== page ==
In a rather remarkable interview that is making the round on celebrity rags, actor (and UN Messenger of Peace) Michael Douglas says that the throat cancer from which he’s recently recovered was caused not by drinking or smoking, but from oral sex.
The throat cancer, I assume, was first seeded during those wild middle years, when he drank like a fish and smoked like the devil. Looking back, knowing what he knows now, does he feel he overloaded his system?
“No,” he says. “No. Because, without wanting to get too specific, this particular cancer is caused by HPV [human papillomavirus], which actually comes about from cunnilingus.”
From what? For a moment I think that I may have misheard.
“From cunnilingus. I mean, I did worry if the stress caused by my son’s incarceration didn’t help trigger it. But yeah, it’s a sexually transmitted disease that causes cancer.”
HPV is the only sexually transmitted infection that is known to cause cancer. It is mostly known for causing cervical cancer in women, but it can be transmitted via oral sex. According the US Centers for Disease Control about 60% Oropharyngeal cancers can be linked to HPV.
In other words, men like Michael Douglas can get throat cancer from sexual partners. And it would appear that many do. According to the CDC, “more than 12,000 HPV-associated cancers occur each year in men; oropharyngeal cancers are the most common.”
Still, this is a virus that mostly targets women. 22,000 women get cervical cancer in the USA each year. Around the world, the toll is even worse. According to the World Health Organization, HPV linked cervical cancer afflicts 529,000 women. 275,000 women die each year from cervical cancer. More than 85% of these deaths are in the developing world.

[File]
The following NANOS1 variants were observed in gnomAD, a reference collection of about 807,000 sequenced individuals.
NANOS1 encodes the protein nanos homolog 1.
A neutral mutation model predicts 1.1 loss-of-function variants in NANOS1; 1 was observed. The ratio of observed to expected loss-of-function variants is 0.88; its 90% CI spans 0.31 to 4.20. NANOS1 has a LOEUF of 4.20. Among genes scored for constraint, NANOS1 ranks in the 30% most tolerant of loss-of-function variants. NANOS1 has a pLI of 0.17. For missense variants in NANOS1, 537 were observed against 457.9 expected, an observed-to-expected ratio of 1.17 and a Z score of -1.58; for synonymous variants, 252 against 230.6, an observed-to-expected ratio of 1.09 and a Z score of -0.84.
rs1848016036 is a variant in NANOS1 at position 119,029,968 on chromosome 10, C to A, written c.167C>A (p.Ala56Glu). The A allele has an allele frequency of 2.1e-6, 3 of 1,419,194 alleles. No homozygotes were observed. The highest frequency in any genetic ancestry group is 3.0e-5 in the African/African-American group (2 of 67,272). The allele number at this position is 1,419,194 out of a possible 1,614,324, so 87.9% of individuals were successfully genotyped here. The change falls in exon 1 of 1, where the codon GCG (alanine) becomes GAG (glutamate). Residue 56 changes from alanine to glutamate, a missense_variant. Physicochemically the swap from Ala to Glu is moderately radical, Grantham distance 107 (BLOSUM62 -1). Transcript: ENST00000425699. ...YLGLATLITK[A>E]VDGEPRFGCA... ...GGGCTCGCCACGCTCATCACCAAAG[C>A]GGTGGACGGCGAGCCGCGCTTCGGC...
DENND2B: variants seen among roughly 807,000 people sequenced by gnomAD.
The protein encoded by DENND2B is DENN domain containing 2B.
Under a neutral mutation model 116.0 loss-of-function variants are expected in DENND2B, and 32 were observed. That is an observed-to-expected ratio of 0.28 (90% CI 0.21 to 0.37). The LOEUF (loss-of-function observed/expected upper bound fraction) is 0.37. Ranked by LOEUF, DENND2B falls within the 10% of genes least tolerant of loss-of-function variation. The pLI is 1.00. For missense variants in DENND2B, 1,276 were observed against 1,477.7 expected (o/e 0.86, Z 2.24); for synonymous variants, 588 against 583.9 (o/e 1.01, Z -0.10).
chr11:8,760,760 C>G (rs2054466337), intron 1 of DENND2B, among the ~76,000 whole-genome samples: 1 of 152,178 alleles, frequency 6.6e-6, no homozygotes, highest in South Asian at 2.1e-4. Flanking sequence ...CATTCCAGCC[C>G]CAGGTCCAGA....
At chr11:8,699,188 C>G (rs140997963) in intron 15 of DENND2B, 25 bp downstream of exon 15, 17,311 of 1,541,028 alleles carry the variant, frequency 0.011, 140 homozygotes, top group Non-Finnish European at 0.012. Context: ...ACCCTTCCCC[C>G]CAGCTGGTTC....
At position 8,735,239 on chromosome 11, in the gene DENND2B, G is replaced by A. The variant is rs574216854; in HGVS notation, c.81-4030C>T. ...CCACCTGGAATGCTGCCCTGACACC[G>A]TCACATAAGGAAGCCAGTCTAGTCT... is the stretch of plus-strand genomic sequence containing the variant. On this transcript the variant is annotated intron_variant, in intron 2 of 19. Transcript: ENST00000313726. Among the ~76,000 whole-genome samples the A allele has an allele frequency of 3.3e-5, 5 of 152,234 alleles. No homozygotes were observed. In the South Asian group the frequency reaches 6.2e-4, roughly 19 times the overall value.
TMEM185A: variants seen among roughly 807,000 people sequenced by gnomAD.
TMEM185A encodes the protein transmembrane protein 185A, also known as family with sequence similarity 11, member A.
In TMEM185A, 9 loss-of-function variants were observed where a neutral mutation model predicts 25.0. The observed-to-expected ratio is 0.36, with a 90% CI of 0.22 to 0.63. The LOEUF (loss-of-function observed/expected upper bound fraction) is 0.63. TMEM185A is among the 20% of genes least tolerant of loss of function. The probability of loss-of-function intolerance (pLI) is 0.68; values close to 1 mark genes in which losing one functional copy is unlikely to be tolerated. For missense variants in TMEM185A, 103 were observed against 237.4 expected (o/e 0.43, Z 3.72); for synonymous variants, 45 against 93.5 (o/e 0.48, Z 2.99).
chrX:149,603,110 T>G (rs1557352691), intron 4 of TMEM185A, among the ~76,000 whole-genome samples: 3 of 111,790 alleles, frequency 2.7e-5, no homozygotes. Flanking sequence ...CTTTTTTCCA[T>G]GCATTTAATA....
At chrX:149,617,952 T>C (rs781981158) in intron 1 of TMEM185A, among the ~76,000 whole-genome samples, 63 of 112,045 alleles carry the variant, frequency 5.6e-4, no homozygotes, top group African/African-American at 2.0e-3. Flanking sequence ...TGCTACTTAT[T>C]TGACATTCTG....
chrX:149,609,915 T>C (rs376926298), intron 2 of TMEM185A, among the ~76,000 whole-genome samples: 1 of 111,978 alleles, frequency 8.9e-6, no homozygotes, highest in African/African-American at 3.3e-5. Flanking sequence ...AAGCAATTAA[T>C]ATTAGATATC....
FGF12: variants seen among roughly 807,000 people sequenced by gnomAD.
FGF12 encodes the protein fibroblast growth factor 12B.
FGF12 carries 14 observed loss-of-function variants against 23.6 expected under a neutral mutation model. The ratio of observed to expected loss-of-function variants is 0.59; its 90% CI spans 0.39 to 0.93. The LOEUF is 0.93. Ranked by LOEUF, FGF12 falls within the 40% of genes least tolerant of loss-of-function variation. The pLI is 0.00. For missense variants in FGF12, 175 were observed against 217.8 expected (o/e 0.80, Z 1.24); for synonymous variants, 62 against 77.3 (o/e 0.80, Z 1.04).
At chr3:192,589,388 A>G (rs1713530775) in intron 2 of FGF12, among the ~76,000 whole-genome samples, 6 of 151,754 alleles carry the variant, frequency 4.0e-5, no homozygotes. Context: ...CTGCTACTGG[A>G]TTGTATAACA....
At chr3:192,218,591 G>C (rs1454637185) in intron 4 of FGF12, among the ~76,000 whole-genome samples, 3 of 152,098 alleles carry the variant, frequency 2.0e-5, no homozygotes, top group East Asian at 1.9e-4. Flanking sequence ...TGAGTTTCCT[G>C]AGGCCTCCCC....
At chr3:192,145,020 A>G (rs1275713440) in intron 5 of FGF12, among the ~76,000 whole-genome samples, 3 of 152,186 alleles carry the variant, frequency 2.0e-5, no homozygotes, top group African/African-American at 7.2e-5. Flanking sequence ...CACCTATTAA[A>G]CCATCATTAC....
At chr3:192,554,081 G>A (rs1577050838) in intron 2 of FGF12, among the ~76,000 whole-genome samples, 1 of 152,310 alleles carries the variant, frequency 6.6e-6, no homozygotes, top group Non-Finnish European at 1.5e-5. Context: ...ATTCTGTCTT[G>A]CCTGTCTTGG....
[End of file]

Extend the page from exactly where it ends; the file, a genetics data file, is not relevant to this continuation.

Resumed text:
HPV can be effectively controlled through a simple vaccine. Here in the United States, though, social conservatives have criticized the vaccine, suggesting that giving the vaccine to adolescent girls promotes promiscuity. Congresswoman Michelle Bachman even suggested that the vaccine is linked to mental retardation. In 2010, only about 30% of American girls aged 13 to 17 received all three recommended doses.
In the developing world, access to the vaccine has been virtually nil in part because of the high cost of the vaccine. That’s about to change. Earlier this year, the Global Alliance for Vaccines and Immunizations, a Gates Foundation backed public-private partnership negotiated a huge discount for the HPV vaccine in Africa and elsewhere. They’ve dropped the price to about $4.50/dose (compared to over $100/dose in the United States) and last month the GAVI-backed HPV Vaccine rollouts launched in some Sub Saharan African countries. GAVI estimates that over 30 million girls in more than 40 countries will be immunized by 2020.
That’s a good start. But the goal of HPV vaccine — like Polio and other vaccine preventable illnesses — ought to be universal coverage. What makes Michael Douglas’ revelation so significant is that it takes people out of the mindset that HPV is a women’s disease. That’s important because when global health challenges are siloed as women’s issues, they tend to receive less funding and less political support. If policy makers come to learn that even an Alpha Male like Gordon Gekko can get cancer-linked HPV, we may see more support for global HPV programs.